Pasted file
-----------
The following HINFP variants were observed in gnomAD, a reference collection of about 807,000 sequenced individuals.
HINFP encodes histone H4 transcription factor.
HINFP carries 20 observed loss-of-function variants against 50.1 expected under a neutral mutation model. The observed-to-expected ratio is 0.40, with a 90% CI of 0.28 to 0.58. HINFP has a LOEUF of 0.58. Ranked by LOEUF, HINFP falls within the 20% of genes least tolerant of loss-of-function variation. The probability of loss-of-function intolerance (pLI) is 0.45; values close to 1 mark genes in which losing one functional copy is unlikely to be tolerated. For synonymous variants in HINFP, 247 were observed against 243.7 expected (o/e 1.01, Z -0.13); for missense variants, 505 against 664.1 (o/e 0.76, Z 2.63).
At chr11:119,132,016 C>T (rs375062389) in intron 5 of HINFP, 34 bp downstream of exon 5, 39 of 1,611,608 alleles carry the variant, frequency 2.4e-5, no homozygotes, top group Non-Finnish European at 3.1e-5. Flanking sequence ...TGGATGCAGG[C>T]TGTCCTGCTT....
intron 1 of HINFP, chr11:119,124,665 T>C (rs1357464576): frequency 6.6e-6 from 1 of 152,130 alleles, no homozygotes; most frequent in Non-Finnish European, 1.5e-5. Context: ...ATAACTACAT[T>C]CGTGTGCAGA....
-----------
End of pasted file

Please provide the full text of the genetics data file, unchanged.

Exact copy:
The following HINFP variants were observed in gnomAD, a reference collection of about 807,000 sequenced individuals.
HINFP encodes histone H4 transcription factor.
HINFP carries 20 observed loss-of-function variants against 50.1 expected under a neutral mutation model. The observed-to-expected ratio is 0.40, with a 90% CI of 0.28 to 0.58. HINFP has a LOEUF of 0.58. Ranked by LOEUF, HINFP falls within the 20% of genes least tolerant of loss-of-function variation. The probability of loss-of-function intolerance (pLI) is 0.45; values close to 1 mark genes in which losing one functional copy is unlikely to be tolerated. For synonymous variants in HINFP, 247 were observed against 243.7 expected (o/e 1.01, Z -0.13); for missense variants, 505 against 664.1 (o/e 0.76, Z 2.63).
At chr11:119,132,016 C>T (rs375062389) in intron 5 of HINFP, 34 bp downstream of exon 5, 39 of 1,611,608 alleles carry the variant, frequency 2.4e-5, no homozygotes, top group Non-Finnish European at 3.1e-5. Flanking sequence ...TGGATGCAGG[C>T]TGTCCTGCTT....
intron 1 of HINFP, chr11:119,124,665 T>C (rs1357464576): frequency 6.6e-6 from 1 of 152,130 alleles, no homozygotes; most frequent in Non-Finnish European, 1.5e-5. Context: ...ATAACTACAT[T>C]CGTGTGCAGA....